Vast majority of landlords to complete EPC work in 2024

Posted on Friday, May 17, 2024

Despite the government's decision to scrap the proposed EPC legislation targets for rental properties set for 2025, landlords are still prioritising EPC rating improvements. 

Finbri’s 2024 survey of 755 UK landlords found that over 70% plan to carry out EPC improvements on their rental properties this year, an increase from the 68% that intended to undertake energy efficiency improvements in 2023.

Since 2015, laws in England and Wales have required private rental properties to meet an EPC rating of E or higher. The rating was slated to rise in 2025 when all rented properties would have to meet a minimum EPC rating of C, but the government has moved the goalposts to 2028.

The 2024 Landlord survey found that 77% of landlords consider the EPC rating important when looking for investment properties, and 70% believe the ratings are important to their tenants.

Georgia Galloway, from Finbri, comments: “Our survey found that landlords continue improving their properties to improve EPC standards despite the delay in proposed regulations.

With 60% of landlords having already completed EPC improvements in 2023, it's evident that they are further undertaking energy-efficient investments.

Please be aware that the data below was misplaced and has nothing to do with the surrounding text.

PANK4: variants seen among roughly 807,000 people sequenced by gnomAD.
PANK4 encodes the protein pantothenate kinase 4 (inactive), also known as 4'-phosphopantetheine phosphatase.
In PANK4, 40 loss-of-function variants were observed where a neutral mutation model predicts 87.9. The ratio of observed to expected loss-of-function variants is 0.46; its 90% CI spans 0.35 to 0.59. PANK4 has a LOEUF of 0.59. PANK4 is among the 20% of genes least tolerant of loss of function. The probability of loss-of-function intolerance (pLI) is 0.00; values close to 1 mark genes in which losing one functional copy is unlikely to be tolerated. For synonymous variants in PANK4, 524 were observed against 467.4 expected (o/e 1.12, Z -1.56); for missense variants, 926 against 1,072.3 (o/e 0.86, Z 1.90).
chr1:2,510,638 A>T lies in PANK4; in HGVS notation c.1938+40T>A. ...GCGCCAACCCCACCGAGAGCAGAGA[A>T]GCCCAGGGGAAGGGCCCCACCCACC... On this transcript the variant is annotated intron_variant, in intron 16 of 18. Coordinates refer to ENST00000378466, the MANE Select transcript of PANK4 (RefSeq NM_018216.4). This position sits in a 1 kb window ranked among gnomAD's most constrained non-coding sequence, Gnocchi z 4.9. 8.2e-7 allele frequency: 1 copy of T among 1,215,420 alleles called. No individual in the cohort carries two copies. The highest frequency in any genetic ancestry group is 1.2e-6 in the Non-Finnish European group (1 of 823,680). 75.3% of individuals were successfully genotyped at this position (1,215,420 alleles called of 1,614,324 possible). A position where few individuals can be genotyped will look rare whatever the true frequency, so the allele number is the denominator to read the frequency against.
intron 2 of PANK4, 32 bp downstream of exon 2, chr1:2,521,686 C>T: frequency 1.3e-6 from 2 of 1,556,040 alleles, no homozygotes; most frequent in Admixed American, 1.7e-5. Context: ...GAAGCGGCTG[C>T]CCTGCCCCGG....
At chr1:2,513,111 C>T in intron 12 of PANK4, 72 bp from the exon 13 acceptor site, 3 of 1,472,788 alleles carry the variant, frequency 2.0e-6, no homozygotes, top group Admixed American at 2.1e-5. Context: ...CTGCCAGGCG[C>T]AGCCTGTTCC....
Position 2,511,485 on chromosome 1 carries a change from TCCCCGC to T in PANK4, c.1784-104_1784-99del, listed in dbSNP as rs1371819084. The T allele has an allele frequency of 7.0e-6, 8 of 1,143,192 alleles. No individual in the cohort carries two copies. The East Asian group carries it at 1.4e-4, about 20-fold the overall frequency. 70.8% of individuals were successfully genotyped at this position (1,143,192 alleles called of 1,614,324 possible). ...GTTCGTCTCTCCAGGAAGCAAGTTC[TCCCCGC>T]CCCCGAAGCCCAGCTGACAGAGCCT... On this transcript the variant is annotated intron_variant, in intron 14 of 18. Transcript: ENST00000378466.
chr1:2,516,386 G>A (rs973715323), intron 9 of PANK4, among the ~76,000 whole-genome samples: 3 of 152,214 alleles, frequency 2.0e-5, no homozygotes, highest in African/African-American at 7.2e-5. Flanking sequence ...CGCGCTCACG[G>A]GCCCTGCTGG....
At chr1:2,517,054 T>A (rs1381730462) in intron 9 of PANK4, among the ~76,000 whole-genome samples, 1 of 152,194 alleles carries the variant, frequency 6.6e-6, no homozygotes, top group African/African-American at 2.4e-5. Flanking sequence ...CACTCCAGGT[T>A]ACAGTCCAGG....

"This underscores their dedication to improving their rental properties and/or preemptively mitigating the potential impact of government changes.”

What are the current EPC guidelines and proposed changes?

An Energy Performance Certificate (EPC) identifies how energy-efficient a property is. It uses a rating system from A to G, with A being the most efficient and G the least. This rating helps potential buyers or tenants understand a property's energy efficiency. The current guidelines for residential landlords are as follows:

Landlords must ensure their residential properties possess a valid EPC, certifying a minimum energy efficiency rating of E per the MEES regulations. Moreover, landlords cannot issue a Section 21 notice unless a valid EPC has been provided to the tenant beforehand.

By 2028, rental properties must have an EPC rating of C or above.

Ways landlords can increase their EPC rating

Finbri found 11 key methods to boost a property's EPC rating, reducing energy expenses. With over 70% of landlords looking to complete EPC improvements this year, here are the most effective ways of increasing the energy efficiency of a property:

Insulate hot water cylinders
Insulate walls
Install roof or loft insulation
Upgrade to double or triple-glazed windows
Upgrade gas boilers
Switch to LED lighting
Install smart heating controls
Switch to energy-efficient appliances
Switch to renewable energy systems
Install green roofs or walls

Landlords can ensure their properties comply with regulations and enhance energy efficiency through necessary improvements. This benefits tenants and landlords by saving on energy bills and contributing positively to the environment.

Despite the targets changing, most landlords believe a future government will re-introduce EPC targets. Even with the recent government decision to scrap mandatory EPC targets for rental properties, landlords are far from convinced that this is the end of the story.